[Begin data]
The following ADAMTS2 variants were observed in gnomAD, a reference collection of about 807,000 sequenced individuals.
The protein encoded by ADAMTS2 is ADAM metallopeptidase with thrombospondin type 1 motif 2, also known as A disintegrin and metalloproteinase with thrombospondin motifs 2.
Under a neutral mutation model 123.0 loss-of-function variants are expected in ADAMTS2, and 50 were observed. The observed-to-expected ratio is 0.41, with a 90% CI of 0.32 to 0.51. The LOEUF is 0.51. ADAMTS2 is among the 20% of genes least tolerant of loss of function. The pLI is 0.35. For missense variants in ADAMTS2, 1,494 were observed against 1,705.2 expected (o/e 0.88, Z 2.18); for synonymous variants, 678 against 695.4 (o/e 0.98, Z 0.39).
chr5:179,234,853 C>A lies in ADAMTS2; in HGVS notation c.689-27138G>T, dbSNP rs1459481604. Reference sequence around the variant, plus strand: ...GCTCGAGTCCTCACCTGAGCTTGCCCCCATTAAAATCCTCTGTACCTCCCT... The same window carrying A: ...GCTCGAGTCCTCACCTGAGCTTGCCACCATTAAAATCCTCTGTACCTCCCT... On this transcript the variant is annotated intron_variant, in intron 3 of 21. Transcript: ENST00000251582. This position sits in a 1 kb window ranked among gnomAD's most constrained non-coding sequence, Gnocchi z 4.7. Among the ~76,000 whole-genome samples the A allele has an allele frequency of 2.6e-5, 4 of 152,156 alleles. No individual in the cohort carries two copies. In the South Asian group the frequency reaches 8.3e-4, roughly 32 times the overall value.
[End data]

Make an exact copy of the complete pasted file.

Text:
The following ADAMTS2 variants were observed in gnomAD, a reference collection of about 807,000 sequenced individuals.
The protein encoded by ADAMTS2 is ADAM metallopeptidase with thrombospondin type 1 motif 2, also known as A disintegrin and metalloproteinase with thrombospondin motifs 2.
Under a neutral mutation model 123.0 loss-of-function variants are expected in ADAMTS2, and 50 were observed. The observed-to-expected ratio is 0.41, with a 90% CI of 0.32 to 0.51. The LOEUF is 0.51. ADAMTS2 is among the 20% of genes least tolerant of loss of function. The pLI is 0.35. For missense variants in ADAMTS2, 1,494 were observed against 1,705.2 expected (o/e 0.88, Z 2.18); for synonymous variants, 678 against 695.4 (o/e 0.98, Z 0.39).
chr5:179,234,853 C>A lies in ADAMTS2; in HGVS notation c.689-27138G>T, dbSNP rs1459481604. Reference sequence around the variant, plus strand: ...GCTCGAGTCCTCACCTGAGCTTGCCCCCATTAAAATCCTCTGTACCTCCCT... The same window carrying A: ...GCTCGAGTCCTCACCTGAGCTTGCCACCATTAAAATCCTCTGTACCTCCCT... On this transcript the variant is annotated intron_variant, in intron 3 of 21. Transcript: ENST00000251582. This position sits in a 1 kb window ranked among gnomAD's most constrained non-coding sequence, Gnocchi z 4.7. Among the ~76,000 whole-genome samples the A allele has an allele frequency of 2.6e-5, 4 of 152,156 alleles. No individual in the cohort carries two copies. In the South Asian group the frequency reaches 8.3e-4, roughly 32 times the overall value.